No comical dance.
And also, I’m afraid, no bug.
There’s nothing like being certain your going to get the bug, to ensure that you won’t get the bug!
Belief cannot be synonymous with certainty.
As I have said time and time again from this pulpit (such as it is) religion is about mystery, it’s not about fact.
And where there is mystery, there is uncertainty.
Where there is uncertainty, there is the necessity of inquiry.
Where there is inquiry, there is human ingenuity, inspiration, beauty, meaning and life.
“Belief” cannot be the absence of these things. It is the celebration of these things!
So belief – if it is a human state — must exist within the realm of uncertainty.
And finally, faith — the idea that Jesus introduces at the end of the story:
“Blessed are those who have not seen and yet have come to believe.”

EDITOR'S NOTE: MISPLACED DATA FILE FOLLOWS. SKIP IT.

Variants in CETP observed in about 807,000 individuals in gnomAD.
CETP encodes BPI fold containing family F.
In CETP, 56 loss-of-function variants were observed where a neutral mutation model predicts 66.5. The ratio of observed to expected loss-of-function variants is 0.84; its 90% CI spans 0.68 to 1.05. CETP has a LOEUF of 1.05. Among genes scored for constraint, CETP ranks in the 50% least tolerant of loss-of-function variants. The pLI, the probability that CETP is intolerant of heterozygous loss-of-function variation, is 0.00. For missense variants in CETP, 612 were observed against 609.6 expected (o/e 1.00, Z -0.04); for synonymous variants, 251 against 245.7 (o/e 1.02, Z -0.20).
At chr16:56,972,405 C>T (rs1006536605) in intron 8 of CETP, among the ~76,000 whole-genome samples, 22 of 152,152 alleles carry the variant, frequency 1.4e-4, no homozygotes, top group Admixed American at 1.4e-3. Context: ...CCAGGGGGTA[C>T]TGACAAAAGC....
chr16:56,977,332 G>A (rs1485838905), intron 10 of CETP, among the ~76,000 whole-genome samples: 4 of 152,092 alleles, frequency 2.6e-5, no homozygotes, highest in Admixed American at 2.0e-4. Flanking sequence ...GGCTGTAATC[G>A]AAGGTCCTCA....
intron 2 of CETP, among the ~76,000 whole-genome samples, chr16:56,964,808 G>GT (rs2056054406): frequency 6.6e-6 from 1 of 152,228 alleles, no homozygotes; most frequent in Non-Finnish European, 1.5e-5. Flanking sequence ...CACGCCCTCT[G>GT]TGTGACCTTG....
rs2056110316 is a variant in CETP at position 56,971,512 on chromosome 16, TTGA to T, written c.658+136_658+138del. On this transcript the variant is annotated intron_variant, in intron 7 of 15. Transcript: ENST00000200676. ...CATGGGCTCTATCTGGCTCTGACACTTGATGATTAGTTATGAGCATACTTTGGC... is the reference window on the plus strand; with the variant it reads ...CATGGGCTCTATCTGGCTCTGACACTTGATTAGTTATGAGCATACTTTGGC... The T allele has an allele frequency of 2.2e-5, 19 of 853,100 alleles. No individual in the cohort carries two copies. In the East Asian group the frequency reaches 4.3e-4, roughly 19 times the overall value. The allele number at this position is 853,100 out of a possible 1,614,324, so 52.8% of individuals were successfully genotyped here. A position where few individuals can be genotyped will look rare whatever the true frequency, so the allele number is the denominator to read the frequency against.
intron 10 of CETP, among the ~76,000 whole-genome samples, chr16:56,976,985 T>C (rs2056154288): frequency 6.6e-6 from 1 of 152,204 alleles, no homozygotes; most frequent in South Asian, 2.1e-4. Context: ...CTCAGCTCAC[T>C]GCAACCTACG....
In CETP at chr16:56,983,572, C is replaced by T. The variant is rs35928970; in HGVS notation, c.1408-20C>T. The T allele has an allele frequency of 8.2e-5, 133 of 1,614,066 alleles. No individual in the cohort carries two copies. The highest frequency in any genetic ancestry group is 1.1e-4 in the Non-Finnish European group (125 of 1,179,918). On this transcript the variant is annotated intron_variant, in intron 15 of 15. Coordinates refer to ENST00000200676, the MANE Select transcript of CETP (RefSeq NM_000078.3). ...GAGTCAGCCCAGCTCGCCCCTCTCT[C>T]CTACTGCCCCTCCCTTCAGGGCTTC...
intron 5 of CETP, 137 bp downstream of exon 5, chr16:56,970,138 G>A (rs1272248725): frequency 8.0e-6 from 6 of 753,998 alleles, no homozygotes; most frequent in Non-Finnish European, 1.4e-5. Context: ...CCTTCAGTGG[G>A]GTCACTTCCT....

It’s worth noting, before we conclude, that these words from Jesus are the only moment in this story when Jesus makes a value judgment concerning doubt or belief or faith. It’s clear that the story moves from doubt to belief to faith — but not until this moment does Jesus intentionally point to something and say that it is “blessed.”
Who is blessed?
“…those who have not seen and yet have come to believe.”
When you hear Jesus say things like this, you understand why many scientists have a hard time being religious.
If you look at this purely on its surface, you can’t imagine a more unscientific thing to say.
And yet, as I say (and I’ll say it again) religion is not about observation — its about mystery.
And faith, is a state of being that acknowledges that mystery, and calls it good.
I suppose, if you wanted to, you could look at mystery and call it evil. Their is evil in the world.
But there is also good.
We know, based only on faith, that in the great pile of leaves that is God’s creation, there are some delicious bugs to be found, if we only scratch around a bit.